Decisions! Decisions! Decisions!

Decisions! Decisions! Decisions!

Making Better Decisions: Hints for Everyday Life

No day goes by without having to make decisions. Whether it's choosing what to have for breakfast or making significant life choices, our decisions shape our experiences and outcomes. When faced with a tough decision it’s common to feel overwhelmed, stressed or anxious, wound up, pressured, confused, distracted, tired. Often, it is not the actual act of making decisions that is frightening but rather it is the uncertainty of the consequences. As we grow older, the decisions increase in complexity and the consequences become more significant.

cross roads

In this MFC article, let’s explore some practical strategies to help you make better decisions. The key is not to avoid making decisions, on the one hand, and not rush to make them, on the other.

  1. Define Your Goals, i.e., What do you want to achieve? Identifying your objectives will provide a clear direction and help you make decisions that align with your values and aspirations.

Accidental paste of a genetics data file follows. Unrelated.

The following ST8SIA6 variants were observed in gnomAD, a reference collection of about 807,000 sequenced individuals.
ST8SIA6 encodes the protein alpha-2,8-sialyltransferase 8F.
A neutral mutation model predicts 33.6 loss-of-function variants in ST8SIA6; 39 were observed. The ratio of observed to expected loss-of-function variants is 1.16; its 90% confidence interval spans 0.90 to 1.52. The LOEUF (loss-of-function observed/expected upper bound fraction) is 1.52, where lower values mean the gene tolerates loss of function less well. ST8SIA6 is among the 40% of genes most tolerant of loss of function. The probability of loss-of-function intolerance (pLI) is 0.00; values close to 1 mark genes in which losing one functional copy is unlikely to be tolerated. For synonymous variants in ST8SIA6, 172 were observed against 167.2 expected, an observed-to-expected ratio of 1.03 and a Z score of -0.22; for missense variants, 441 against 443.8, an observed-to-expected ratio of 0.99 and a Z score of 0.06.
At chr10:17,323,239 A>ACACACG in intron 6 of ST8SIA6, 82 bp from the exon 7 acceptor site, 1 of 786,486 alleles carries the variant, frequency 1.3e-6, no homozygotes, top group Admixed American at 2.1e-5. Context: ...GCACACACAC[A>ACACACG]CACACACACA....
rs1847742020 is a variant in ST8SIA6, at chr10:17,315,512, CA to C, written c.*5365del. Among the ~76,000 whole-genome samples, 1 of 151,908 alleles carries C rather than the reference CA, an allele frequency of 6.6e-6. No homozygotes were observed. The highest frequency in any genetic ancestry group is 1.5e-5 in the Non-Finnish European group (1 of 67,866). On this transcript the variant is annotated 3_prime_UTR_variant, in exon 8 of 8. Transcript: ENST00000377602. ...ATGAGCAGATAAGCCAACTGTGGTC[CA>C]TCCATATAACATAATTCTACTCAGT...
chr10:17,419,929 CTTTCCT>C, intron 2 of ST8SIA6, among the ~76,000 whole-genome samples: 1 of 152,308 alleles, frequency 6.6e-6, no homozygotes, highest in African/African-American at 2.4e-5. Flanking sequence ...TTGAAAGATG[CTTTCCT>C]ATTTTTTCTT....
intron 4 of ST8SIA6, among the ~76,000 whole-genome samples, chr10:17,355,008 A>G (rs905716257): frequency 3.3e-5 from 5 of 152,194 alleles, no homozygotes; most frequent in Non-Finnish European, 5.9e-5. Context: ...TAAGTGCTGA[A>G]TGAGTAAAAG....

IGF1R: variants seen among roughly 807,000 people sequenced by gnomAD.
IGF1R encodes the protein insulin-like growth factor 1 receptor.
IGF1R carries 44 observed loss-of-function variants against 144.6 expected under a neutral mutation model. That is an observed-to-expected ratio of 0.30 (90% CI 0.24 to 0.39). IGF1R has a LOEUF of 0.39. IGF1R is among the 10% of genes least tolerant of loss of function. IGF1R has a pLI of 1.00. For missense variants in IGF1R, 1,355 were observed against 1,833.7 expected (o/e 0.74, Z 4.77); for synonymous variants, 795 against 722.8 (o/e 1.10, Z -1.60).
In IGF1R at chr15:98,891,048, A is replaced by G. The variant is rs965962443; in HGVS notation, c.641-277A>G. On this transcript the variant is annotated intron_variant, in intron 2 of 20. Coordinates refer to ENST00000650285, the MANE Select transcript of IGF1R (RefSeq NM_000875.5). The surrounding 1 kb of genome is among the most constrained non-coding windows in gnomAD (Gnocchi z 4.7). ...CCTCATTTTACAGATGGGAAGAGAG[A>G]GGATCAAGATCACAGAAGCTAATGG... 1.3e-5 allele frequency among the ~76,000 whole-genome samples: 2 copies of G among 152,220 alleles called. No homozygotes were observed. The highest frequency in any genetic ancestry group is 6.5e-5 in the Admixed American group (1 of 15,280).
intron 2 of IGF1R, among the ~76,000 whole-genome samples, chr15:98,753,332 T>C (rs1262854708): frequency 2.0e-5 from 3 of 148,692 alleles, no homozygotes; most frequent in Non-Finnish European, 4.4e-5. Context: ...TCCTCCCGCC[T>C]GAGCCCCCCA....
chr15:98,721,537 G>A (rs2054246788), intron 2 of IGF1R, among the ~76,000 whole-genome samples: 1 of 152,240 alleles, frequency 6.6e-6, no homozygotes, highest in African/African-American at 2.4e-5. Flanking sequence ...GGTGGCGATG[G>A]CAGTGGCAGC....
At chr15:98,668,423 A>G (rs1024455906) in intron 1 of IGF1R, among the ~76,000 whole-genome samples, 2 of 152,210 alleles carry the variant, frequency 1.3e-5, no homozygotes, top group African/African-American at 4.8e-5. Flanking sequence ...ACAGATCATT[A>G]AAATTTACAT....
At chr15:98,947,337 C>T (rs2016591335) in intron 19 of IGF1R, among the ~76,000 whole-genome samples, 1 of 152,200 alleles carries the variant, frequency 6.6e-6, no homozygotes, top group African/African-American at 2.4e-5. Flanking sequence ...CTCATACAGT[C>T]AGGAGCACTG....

2. Make informed decisions by gathering relevant information about the options available to you. This could involve researching, seeking advice from trusted sources, or consulting experts in the field. The more information you have, the better equipped you’ll be to make an informed choice.
  1. Weigh the Pros and Cons of each option by making a list of the pros and cons associated with each alternative. This exercise can help you evaluate the potential outcomes and identify any potential risks or benefits. Remember, what may be a pro for someone else might not necessarily be a pro for you. Consider your own values and priorities.
  1. Trust Your Intuition, as it is a powerful tool that can guide us towards the right decision. However, ensure that you balance intuition with rational thinking and evidence-based information.

  2. Seek Different Perspectives by discussing your options with friends, family, or mentors who can offer different perspectives or raise points you hadn’t considered. However, remember that the final decision should ultimately be yours, as you are the one who knows yourself best.